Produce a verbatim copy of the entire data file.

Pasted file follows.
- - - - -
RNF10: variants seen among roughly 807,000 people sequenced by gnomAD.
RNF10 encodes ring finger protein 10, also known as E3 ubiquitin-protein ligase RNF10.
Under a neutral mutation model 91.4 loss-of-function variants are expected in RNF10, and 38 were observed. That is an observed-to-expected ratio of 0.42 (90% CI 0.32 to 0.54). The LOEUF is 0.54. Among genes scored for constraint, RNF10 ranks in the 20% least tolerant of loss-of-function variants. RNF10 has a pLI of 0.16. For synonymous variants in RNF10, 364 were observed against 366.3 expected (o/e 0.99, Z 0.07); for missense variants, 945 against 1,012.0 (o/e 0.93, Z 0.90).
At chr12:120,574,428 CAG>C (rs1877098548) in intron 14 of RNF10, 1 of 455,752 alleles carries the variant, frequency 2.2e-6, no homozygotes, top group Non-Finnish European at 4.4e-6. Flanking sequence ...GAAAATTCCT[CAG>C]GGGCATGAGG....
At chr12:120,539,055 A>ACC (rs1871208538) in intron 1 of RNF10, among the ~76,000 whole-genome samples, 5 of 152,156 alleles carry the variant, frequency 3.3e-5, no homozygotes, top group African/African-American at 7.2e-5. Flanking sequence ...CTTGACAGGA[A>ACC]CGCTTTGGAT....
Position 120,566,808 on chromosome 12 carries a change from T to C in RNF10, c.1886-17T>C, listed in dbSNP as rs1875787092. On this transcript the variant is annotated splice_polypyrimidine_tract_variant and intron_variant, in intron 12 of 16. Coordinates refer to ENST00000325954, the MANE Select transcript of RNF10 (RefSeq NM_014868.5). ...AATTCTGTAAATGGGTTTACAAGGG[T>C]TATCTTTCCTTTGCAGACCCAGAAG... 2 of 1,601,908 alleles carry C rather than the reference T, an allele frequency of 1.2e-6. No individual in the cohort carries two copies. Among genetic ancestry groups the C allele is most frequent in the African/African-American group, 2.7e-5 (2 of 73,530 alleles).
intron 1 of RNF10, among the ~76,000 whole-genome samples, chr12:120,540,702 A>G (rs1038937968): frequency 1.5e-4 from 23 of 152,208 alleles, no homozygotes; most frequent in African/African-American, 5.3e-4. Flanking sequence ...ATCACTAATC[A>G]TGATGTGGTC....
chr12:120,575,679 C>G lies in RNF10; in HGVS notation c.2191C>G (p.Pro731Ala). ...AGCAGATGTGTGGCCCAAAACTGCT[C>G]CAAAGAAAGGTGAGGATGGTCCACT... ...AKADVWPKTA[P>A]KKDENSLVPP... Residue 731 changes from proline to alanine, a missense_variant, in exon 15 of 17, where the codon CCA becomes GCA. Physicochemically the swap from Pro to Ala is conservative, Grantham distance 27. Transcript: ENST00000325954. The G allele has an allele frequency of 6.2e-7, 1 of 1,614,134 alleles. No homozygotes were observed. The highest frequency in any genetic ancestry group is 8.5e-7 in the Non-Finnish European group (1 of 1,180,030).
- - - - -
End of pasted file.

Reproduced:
RNF10: variants seen among roughly 807,000 people sequenced by gnomAD.
RNF10 encodes ring finger protein 10, also known as E3 ubiquitin-protein ligase RNF10.
Under a neutral mutation model 91.4 loss-of-function variants are expected in RNF10, and 38 were observed. That is an observed-to-expected ratio of 0.42 (90% CI 0.32 to 0.54). The LOEUF is 0.54. Among genes scored for constraint, RNF10 ranks in the 20% least tolerant of loss-of-function variants. RNF10 has a pLI of 0.16. For synonymous variants in RNF10, 364 were observed against 366.3 expected (o/e 0.99, Z 0.07); for missense variants, 945 against 1,012.0 (o/e 0.93, Z 0.90).
At chr12:120,574,428 CAG>C (rs1877098548) in intron 14 of RNF10, 1 of 455,752 alleles carries the variant, frequency 2.2e-6, no homozygotes, top group Non-Finnish European at 4.4e-6. Flanking sequence ...GAAAATTCCT[CAG>C]GGGCATGAGG....
At chr12:120,539,055 A>ACC (rs1871208538) in intron 1 of RNF10, among the ~76,000 whole-genome samples, 5 of 152,156 alleles carry the variant, frequency 3.3e-5, no homozygotes, top group African/African-American at 7.2e-5. Flanking sequence ...CTTGACAGGA[A>ACC]CGCTTTGGAT....
Position 120,566,808 on chromosome 12 carries a change from T to C in RNF10, c.1886-17T>C, listed in dbSNP as rs1875787092. On this transcript the variant is annotated splice_polypyrimidine_tract_variant and intron_variant, in intron 12 of 16. Coordinates refer to ENST00000325954, the MANE Select transcript of RNF10 (RefSeq NM_014868.5). ...AATTCTGTAAATGGGTTTACAAGGG[T>C]TATCTTTCCTTTGCAGACCCAGAAG... 2 of 1,601,908 alleles carry C rather than the reference T, an allele frequency of 1.2e-6. No individual in the cohort carries two copies. Among genetic ancestry groups the C allele is most frequent in the African/African-American group, 2.7e-5 (2 of 73,530 alleles).
intron 1 of RNF10, among the ~76,000 whole-genome samples, chr12:120,540,702 A>G (rs1038937968): frequency 1.5e-4 from 23 of 152,208 alleles, no homozygotes; most frequent in African/African-American, 5.3e-4. Flanking sequence ...ATCACTAATC[A>G]TGATGTGGTC....
chr12:120,575,679 C>G lies in RNF10; in HGVS notation c.2191C>G (p.Pro731Ala). ...AGCAGATGTGTGGCCCAAAACTGCT[C>G]CAAAGAAAGGTGAGGATGGTCCACT... ...AKADVWPKTA[P>A]KKDENSLVPP... Residue 731 changes from proline to alanine, a missense_variant, in exon 15 of 17, where the codon CCA becomes GCA. Physicochemically the swap from Pro to Ala is conservative, Grantham distance 27. Transcript: ENST00000325954. The G allele has an allele frequency of 6.2e-7, 1 of 1,614,134 alleles. No homozygotes were observed. The highest frequency in any genetic ancestry group is 8.5e-7 in the Non-Finnish European group (1 of 1,180,030).